Mathematics at Rushmore
Mathematics Lead: Hannah Herlihy
At Rushmore, we follow the National Curriculum for Mathematics. We believe it is an essential life skill and our wish is that all children enjoy maths and become confident mathematicians who thrive on challenge.
The main areas in the program of study for mathematics are number, measure, geometry and statistics. There is a strong emphasis at Rushmore on number and using and applying new skills.
Power Maths is our new, exciting scheme which is used from Reception to Year 6. It is a whole class approach that aims to make learning fun and makes connections between concepts, allowing children to explore their learning and master new ideas with a deep understanding.
The program focuses on the key principles: to be fluent in the fundamentals of mathematics (i.e. quick recall number facts and application of knowledge, to reason mathematically (i.e. justify, generalise and explain why), and to problem solve.
What is Power Maths?
Power Maths is a resource that has been designed for UK schools based on research and extensive experience of teaching and learning around the world and here in the UK. It has been designed to support and challenge all pupils, and is built on the belief that EVERYONE can learn maths successfully.
How does this support our approach to teaching?
The philosophy behind Power Maths is that being successful in maths is not just about rote-learning procedures and methods, but is instead about problem solving, thinking and discussing. Many people feel they were taught maths in a way that was about memorising formulas and calculation methods, then having to apply them without any real understanding of what or how these methods actually work. Power Maths includes practice questions to help children develop fluent recall and develop their conceptual understanding. Power Maths uses growth mindset characters to prompt, encourage and question children. They spark curiosity, engage reasoning, secure understanding and deepen learning for all.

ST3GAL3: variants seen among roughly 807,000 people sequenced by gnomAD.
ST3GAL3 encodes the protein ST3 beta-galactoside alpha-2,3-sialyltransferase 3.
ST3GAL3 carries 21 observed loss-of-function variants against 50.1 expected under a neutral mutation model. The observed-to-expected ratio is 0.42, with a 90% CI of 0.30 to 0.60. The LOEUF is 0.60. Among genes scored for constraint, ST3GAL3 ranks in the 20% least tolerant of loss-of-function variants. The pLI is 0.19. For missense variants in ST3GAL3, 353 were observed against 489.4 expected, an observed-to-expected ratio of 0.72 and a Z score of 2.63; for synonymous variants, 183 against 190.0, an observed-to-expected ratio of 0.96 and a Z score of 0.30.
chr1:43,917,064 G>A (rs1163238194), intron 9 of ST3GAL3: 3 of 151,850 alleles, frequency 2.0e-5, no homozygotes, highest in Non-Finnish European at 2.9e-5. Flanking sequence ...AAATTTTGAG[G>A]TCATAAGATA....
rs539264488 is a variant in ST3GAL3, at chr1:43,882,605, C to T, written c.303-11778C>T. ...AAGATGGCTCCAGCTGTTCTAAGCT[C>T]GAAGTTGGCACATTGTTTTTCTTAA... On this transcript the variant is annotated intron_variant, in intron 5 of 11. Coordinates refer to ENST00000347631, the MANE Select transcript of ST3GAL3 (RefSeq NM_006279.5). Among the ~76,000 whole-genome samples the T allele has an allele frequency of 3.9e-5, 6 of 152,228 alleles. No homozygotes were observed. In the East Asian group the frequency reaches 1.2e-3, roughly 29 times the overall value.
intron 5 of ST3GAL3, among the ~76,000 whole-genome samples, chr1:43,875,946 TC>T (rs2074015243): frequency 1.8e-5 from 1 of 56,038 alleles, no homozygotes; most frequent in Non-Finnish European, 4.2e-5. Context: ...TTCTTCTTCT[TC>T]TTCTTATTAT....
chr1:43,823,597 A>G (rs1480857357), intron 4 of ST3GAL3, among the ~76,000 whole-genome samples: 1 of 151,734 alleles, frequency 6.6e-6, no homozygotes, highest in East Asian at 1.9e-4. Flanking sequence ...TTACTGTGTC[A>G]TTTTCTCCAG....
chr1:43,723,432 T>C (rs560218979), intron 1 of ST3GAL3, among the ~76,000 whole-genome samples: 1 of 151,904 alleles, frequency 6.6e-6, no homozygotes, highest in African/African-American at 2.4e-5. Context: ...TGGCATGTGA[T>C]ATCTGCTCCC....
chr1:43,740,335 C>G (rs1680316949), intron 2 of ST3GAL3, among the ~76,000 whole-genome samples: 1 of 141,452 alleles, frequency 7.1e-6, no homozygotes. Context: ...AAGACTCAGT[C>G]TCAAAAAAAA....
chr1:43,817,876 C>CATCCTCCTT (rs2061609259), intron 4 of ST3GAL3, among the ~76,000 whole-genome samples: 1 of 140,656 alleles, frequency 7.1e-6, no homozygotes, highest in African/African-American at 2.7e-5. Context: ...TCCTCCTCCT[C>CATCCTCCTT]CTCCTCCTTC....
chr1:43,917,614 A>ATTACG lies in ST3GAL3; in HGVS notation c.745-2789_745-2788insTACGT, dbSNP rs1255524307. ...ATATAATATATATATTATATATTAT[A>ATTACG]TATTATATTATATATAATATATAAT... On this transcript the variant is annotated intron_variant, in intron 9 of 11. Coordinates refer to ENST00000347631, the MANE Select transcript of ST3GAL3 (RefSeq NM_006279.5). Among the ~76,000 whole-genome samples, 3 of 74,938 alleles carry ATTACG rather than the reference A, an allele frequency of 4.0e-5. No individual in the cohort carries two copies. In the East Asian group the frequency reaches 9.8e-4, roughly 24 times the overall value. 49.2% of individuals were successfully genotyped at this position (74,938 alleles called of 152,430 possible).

The Power Maths scheme allows children to make small steps to move through the following aspects of mathematical thinking:
Fluency - having number sense, understanding how numbers relate to each other, seeing how numbers can be split and put together in different ways and having knowledge of number facts and efficient methods to calculate.
Reasoning - thinking through mathematical problems logically and systematically and involves using and applying their mathematical knowledge to explain or justify a solution.
Problem Solving - drawing on problem solving skills such as working systematically, trial and improvement, logical reasoning and spotting and exploring patterns. Problems often have multiple solutions.
What if my child needs a confidence boost, or wants to be challenged further?
Power Maths is based on a ‘small-steps’ approach, sometimes called a mastery approach. This means that the concepts are broken down so that your child can master one idea without feeling over-whelmed. There are a range of fluency, reasoning and problem solving questions in each lesson that are designed to support the different needs and confidence levels within a class, while at the same time fostering a spirit of working and learning together. Each lesson includes a challenge question for those children who can delve deeper into a concept.